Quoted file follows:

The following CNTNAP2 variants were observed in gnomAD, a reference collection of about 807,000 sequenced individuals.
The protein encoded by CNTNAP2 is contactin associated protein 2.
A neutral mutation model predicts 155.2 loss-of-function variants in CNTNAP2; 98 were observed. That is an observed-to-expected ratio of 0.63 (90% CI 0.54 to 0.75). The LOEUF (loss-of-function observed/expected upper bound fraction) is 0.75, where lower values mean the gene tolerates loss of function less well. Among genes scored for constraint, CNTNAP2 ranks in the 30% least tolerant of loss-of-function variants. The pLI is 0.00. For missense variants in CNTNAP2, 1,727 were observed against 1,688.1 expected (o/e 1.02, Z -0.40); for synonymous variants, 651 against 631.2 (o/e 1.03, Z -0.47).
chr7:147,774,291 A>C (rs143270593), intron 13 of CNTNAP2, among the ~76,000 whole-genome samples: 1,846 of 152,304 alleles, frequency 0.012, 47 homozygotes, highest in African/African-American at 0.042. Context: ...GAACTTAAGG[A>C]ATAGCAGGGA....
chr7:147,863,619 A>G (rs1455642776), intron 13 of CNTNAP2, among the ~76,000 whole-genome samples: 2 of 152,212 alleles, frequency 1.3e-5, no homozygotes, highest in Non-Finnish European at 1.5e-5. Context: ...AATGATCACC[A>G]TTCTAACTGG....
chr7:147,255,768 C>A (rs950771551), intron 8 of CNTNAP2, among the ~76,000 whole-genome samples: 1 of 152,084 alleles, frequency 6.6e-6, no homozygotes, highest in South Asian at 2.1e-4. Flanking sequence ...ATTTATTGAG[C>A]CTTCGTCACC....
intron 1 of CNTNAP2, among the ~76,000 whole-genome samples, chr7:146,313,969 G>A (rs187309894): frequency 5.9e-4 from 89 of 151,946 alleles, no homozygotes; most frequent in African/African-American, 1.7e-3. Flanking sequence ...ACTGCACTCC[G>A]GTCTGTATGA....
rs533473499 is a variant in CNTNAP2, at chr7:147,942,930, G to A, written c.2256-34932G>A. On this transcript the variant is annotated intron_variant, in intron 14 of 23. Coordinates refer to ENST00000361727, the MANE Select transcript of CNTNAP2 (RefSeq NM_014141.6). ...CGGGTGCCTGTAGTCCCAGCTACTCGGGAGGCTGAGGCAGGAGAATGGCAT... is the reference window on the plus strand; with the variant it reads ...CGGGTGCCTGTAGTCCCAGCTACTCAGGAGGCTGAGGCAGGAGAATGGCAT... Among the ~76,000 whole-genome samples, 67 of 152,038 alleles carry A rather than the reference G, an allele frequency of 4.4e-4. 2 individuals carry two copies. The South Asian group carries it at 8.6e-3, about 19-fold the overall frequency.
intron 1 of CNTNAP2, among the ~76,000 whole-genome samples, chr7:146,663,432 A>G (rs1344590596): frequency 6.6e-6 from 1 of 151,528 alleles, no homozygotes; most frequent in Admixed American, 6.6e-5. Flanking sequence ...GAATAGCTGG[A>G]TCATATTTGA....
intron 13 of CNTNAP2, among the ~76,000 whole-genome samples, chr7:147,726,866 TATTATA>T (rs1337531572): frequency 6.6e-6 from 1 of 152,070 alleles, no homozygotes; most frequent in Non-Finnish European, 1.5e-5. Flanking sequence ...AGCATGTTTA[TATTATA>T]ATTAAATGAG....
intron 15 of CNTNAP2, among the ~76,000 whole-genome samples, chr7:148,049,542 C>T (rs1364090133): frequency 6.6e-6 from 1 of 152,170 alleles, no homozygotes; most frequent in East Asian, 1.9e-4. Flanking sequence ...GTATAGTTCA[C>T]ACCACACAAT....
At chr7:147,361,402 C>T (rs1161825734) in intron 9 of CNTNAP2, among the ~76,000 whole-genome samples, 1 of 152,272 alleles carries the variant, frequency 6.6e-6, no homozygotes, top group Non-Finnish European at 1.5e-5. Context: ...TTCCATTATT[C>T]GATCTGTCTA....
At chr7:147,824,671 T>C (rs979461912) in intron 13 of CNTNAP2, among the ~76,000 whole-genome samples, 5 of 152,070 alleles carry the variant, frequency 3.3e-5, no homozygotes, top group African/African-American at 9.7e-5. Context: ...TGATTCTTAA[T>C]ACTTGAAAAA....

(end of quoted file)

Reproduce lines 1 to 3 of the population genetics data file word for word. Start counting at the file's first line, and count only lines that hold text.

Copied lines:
The following CNTNAP2 variants were observed in gnomAD, a reference collection of about 807,000 sequenced individuals.
The protein encoded by CNTNAP2 is contactin associated protein 2.
A neutral mutation model predicts 155.2 loss-of-function variants in CNTNAP2; 98 were observed. That is an observed-to-expected ratio of 0.63 (90% CI 0.54 to 0.75). The LOEUF (loss-of-function observed/expected upper bound fraction) is 0.75, where lower values mean the gene tolerates loss of function less well. Among genes scored for constraint, CNTNAP2 ranks in the 30% least tolerant of loss-of-function variants. The pLI is 0.00. For missense variants in CNTNAP2, 1,727 were observed against 1,688.1 expected (o/e 1.02, Z -0.40); for synonymous variants, 651 against 631.2 (o/e 1.03, Z -0.47).